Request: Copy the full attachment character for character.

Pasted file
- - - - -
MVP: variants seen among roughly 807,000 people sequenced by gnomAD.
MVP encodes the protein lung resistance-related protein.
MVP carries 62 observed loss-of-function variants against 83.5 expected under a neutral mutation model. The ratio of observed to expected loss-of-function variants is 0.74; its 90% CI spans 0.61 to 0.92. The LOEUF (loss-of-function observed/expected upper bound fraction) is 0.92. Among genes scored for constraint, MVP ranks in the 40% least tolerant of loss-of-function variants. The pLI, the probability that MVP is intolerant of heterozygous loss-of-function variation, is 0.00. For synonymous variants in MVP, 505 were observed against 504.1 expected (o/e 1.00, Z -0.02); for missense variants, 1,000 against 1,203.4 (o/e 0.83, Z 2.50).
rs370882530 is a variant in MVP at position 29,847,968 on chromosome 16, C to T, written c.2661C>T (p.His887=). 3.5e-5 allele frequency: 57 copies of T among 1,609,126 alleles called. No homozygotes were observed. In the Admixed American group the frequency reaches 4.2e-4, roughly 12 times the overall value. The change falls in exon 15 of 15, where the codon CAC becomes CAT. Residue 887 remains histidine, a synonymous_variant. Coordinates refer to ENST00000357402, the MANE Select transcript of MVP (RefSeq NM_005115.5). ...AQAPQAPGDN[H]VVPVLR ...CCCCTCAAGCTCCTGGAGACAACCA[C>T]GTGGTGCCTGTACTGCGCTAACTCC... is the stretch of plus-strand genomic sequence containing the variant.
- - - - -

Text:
MVP: variants seen among roughly 807,000 people sequenced by gnomAD.
MVP encodes the protein lung resistance-related protein.
MVP carries 62 observed loss-of-function variants against 83.5 expected under a neutral mutation model. The ratio of observed to expected loss-of-function variants is 0.74; its 90% CI spans 0.61 to 0.92. The LOEUF (loss-of-function observed/expected upper bound fraction) is 0.92. Among genes scored for constraint, MVP ranks in the 40% least tolerant of loss-of-function variants. The pLI, the probability that MVP is intolerant of heterozygous loss-of-function variation, is 0.00. For synonymous variants in MVP, 505 were observed against 504.1 expected (o/e 1.00, Z -0.02); for missense variants, 1,000 against 1,203.4 (o/e 0.83, Z 2.50).
rs370882530 is a variant in MVP at position 29,847,968 on chromosome 16, C to T, written c.2661C>T (p.His887=). 3.5e-5 allele frequency: 57 copies of T among 1,609,126 alleles called. No homozygotes were observed. In the Admixed American group the frequency reaches 4.2e-4, roughly 12 times the overall value. The change falls in exon 15 of 15, where the codon CAC becomes CAT. Residue 887 remains histidine, a synonymous_variant. Coordinates refer to ENST00000357402, the MANE Select transcript of MVP (RefSeq NM_005115.5). ...AQAPQAPGDN[H]VVPVLR ...CCCCTCAAGCTCCTGGAGACAACCA[C>T]GTGGTGCCTGTACTGCGCTAACTCC... is the stretch of plus-strand genomic sequence containing the variant.